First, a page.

Dealing with the realities of dementia

Demensia Brunei

Dementia entails the deterioration or failure of the brain. This leads to several symptoms that may include memory loss, difficulties with thinking, problem-solving or language.

In Brunei, the local term used to describe forgetful older people is lali or nyanyuk. Sound familiar? This is perceived as normal in our community for older people but it is not. It could be a symptom of dementia. Since it causes worsening brain function, it affects the memory and other abilities that may interfere with daily life.

Dementia also affects other brain functions. Comparing the size of normal brains and those with dementia, the size of the latter is smaller due to damage from dementia. You may encounter people with dementia; each with different kinds of symptoms.

Dementia may trigger a decline in thinking abilities, while others might have problems with communication or visuospatial abilities, depending on which part of the brain is affected.

Eventually, all parts of the body’s function will also slowly deteriorate, including communication skills, control over emotions and even physical movement.

A common misconception is that only older people get dementia. The main cause of dementia is Alzheimer’s disease and people aged 65 and above are at higher risk of getting the disease. In Brunei, it is likely that vascular dementia is also prevalent because there are a lot of people with risk factors such as obesity, heart problems and stroke.

Dementia can also strike people in their 30’s to 50’s, which is called younger-onset or early-onset dementia. Damage to the brain from injuries such as from car accidents or trauma can also lead to dementia.

The following are the 10 warning signs of dementia:

Memory loss

Declining memory, where a person often forgets things, especially short-term memory or recent events. People with forgetfulness may still remember other related facts but a person with dementia may not even remember the ‘bigger picture’. In the worst case, they can’t recognise or remember their family members.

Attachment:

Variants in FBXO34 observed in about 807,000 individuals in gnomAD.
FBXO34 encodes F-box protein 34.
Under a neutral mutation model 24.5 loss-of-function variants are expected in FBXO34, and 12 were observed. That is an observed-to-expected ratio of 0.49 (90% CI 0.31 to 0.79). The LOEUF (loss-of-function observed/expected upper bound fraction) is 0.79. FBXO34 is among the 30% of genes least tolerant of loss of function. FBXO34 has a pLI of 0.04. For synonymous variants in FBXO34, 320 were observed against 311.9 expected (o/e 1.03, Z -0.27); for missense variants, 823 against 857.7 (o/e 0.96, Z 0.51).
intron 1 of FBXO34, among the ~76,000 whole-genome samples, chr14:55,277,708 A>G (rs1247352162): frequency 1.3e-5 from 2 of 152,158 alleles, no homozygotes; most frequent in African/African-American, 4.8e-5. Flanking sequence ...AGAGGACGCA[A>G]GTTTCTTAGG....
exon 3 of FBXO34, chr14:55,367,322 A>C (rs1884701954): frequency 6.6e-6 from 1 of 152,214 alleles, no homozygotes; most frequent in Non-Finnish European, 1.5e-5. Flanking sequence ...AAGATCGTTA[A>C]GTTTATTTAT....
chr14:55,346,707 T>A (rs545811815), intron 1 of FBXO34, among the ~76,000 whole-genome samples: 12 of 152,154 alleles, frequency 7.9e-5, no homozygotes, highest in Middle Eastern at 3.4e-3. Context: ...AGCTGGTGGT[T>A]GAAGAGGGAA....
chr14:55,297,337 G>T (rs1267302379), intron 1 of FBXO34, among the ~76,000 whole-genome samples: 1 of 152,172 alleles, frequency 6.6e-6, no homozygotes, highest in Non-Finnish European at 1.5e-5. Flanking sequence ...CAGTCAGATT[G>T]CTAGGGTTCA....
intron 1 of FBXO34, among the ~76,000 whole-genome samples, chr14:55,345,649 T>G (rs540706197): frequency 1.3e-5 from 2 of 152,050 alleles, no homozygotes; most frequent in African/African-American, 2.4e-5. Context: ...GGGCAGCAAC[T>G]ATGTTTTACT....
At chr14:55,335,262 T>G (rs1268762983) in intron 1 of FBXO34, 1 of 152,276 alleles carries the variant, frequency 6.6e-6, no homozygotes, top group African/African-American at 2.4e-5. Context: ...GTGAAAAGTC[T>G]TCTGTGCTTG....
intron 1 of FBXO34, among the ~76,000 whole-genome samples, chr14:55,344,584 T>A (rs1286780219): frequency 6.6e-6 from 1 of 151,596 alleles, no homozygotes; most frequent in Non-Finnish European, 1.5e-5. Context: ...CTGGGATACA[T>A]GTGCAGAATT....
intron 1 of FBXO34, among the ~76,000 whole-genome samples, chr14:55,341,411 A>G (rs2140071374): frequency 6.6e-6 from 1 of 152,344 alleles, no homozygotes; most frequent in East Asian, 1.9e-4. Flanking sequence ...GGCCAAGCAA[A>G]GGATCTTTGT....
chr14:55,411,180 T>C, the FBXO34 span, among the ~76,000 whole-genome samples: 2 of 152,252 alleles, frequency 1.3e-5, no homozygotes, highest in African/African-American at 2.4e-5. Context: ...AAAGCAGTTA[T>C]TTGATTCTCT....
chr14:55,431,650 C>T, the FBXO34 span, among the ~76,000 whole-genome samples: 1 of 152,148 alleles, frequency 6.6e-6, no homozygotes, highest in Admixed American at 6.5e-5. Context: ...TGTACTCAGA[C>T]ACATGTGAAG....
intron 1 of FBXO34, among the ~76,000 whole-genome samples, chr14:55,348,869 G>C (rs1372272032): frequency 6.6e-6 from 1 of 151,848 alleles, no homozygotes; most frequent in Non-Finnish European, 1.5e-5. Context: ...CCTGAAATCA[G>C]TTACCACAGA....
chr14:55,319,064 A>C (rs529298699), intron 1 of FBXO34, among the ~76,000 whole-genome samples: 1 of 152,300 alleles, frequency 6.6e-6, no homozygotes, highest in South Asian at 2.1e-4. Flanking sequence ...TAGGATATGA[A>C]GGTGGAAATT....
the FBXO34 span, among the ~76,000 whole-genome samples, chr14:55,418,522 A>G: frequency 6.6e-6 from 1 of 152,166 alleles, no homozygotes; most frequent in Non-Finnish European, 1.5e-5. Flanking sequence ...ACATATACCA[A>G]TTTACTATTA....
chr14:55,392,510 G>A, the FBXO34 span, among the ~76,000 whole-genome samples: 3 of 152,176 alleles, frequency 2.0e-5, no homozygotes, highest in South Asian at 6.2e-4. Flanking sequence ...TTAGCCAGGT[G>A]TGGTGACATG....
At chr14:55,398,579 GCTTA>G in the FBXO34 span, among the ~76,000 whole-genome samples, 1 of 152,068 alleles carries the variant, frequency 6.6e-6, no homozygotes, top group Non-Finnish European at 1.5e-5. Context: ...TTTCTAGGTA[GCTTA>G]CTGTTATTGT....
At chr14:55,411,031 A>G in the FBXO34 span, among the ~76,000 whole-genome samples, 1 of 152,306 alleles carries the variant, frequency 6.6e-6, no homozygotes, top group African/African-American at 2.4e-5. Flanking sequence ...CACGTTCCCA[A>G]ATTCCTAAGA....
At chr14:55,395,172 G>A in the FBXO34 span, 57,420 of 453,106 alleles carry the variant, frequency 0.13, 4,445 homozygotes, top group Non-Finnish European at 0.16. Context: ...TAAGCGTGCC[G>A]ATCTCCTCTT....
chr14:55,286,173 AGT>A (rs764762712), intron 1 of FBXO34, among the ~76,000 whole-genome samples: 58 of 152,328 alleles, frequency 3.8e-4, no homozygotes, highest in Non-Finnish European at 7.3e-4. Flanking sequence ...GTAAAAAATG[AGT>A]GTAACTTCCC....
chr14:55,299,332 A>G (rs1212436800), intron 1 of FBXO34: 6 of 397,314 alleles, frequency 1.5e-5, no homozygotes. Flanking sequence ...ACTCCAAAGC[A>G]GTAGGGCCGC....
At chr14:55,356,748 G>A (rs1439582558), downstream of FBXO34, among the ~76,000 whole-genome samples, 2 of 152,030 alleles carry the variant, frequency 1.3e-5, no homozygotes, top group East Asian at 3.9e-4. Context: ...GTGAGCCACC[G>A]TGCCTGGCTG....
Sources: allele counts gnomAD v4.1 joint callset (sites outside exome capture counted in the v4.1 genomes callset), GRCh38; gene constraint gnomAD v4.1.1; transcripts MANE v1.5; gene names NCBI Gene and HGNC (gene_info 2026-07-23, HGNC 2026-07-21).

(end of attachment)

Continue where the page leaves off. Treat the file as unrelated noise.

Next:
Difficulty performing familiar tasks

People with dementia often find it hard to complete daily tasks. One may not know what order to put on their clothes or preparing a meal.

Problems with language

Occasionally people have trouble finding the right word. But a person with dementia often forgets simple words or substitutes it with unusual words when they speak or write. This causes problems with speech and writing, such as mispronunciation or wrong spelling. At a later stage, it becomes hard for normal people to understand what they are talking about.

Disorientation to time and place

We sometimes forget the day of the week or where we are going but a person with dementia encounters this more often. They can also become lost in familiar places such as the road they live in, where they are or how they got there, and not know how to get back home. A person with dementia may also confuse night and day.

Poor or decreased judgement

A person with dementia may dress inappropriately, such as wearing several layers of clothes on a warm day. They may take unnecessary risks due to being impulsive or not thinking things through.

Problems keeping track of things

A person with dementia may find it hard to follow a conversation or keep up with tasks such as paying their bills on time. Sometimes, they can’t remember when or what they are talking about. It is also hard for them to keep track of what people are saying because they forget what was being said.

Misplacing things

Anyone can temporarily misplace their wallet or keys but it becomes more frequent over time for people with dementia. A person with dementia may also put things in unusual places such as in the fridge or in the oven.

Changes in mood and behaviour

People may become sad or moody from time to time but a person with dementia may become unusually emotional and experience rapid mood swings for no apparent reason. For example, after making a joke, they may laugh then cry for no obvious reason.